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A new approach to create fast-charging lithium-ion batteries with a graphite-based anode

In recent years, engineers and material scientists have been trying to create increasingly advanced battery technologies that are charged faster, last longer, and can store more energy. These batteries will ultimately play a crucial role in the advancement of the electronics and energy sector, powering the wide range of portable devices on the market, as well as electric vehicles.

Lithium-ion batteries (LiBs) are currently the most widespread batteries worldwide, powering most electronics we use every day. Identifying scalable methods to increase the speed at which these batteries charge is thus one of the primary goals in the energy field, as it would not require switching to entirely new battery compositions.

Researchers at Huazhong University of Technology in China recently introduced a new strategy to develop fast-charging LiBs containing a graphite-based material. Their proposed battery design, outlined in a paper published in Nature Energy, was found to successfully speed up the charging time of LiBs, while also allowing them to retain much of their capacity even after they are charged thousands of times.

“Li+ desolvation in electrolytes and diffusion at the solid–electrolyte interphase (SEI) are two determining steps that restrict the fast charging of graphite-based lithium-ion batteries,” Shuibin Tu, Bao Zhang and their colleagues wrote in their paper.

“We show that the low-solvent-coordination Li+ solvation structure could be induced near the inner Helmholtz plane on inorganic species. Specifically, Li3P could enable a lower Li+ desolvation barrier and faster Li+ diffusion capability through the SEI in comparison to the regular SEI components.”

Essentially, the researchers carried out a series of tests to assess how various solid electrolyte interface (SEI) components affect the so-called Li+ solvation structure, which could in turn decrease the time required for a battery to charge. Ultimately, they identified a combination of materials that could improve the efficiency of the so-called Li+ desolvation process, enabling the rapid migration of Li+ ions across the SEI.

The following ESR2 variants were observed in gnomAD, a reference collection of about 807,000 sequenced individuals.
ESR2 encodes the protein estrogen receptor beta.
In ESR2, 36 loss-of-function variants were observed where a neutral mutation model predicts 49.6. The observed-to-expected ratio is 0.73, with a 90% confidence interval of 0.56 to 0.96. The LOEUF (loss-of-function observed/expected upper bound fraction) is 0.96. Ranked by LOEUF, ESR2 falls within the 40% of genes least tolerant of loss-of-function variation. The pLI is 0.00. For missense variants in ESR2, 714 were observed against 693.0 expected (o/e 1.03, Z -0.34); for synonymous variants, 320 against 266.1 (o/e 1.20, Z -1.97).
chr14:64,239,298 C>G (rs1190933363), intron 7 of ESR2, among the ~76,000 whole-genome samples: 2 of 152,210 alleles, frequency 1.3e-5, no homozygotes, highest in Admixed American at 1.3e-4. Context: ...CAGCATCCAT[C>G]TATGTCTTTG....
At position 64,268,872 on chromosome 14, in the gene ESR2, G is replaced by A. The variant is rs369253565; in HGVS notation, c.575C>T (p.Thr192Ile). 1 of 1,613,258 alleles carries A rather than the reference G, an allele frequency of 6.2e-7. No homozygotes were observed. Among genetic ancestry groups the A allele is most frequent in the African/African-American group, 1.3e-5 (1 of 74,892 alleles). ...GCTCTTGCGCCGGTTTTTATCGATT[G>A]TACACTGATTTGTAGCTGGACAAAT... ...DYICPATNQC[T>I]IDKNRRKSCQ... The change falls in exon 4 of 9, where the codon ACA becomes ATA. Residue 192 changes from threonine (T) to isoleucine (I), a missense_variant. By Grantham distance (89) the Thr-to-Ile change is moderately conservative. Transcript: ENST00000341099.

The team then identified a promising anode based on a material dubbed P-S graphite, which is comprised of an ultrathin layer of phosphorus on top of a graphite surface. They fabricated these anodes and integrated them in LiB cells, to then evaluate their performance experimentally.

“We construct an ultrathin S-bridged phosphorus layer on a graphite surface, which in situ converts to crystalline Li3P-based SEI with high ionic conductivity,” Tu, Zhang and their colleagues wrote. “Our pouch cells with such a graphite anode show 10 min and 6 min (6C and 10C) charging for 91.2% and 80% of the capacity, respectively, as well as 82.9% capacity retention for over 2,000 cycles at a 6C charging rate.”

Overall, the paper by Tu, Zhang and their colleagues highlights the key role of SEI components and structural considerations in influencing the speed at which LiB cells charge. In the future, their proposed approach and their promising experimental results could contribute to the development of increasingly fast-charging and durable LiBs, which could help to meet the pressing demands of the electronics industry.

“Our work highlights the importance of interfacial chemistry for the Li+ solvation structure and SEI formation and could serve as a guide for the design of effective SEI components for fast-charging LiBs,” the researchers conclude in their paper.

 

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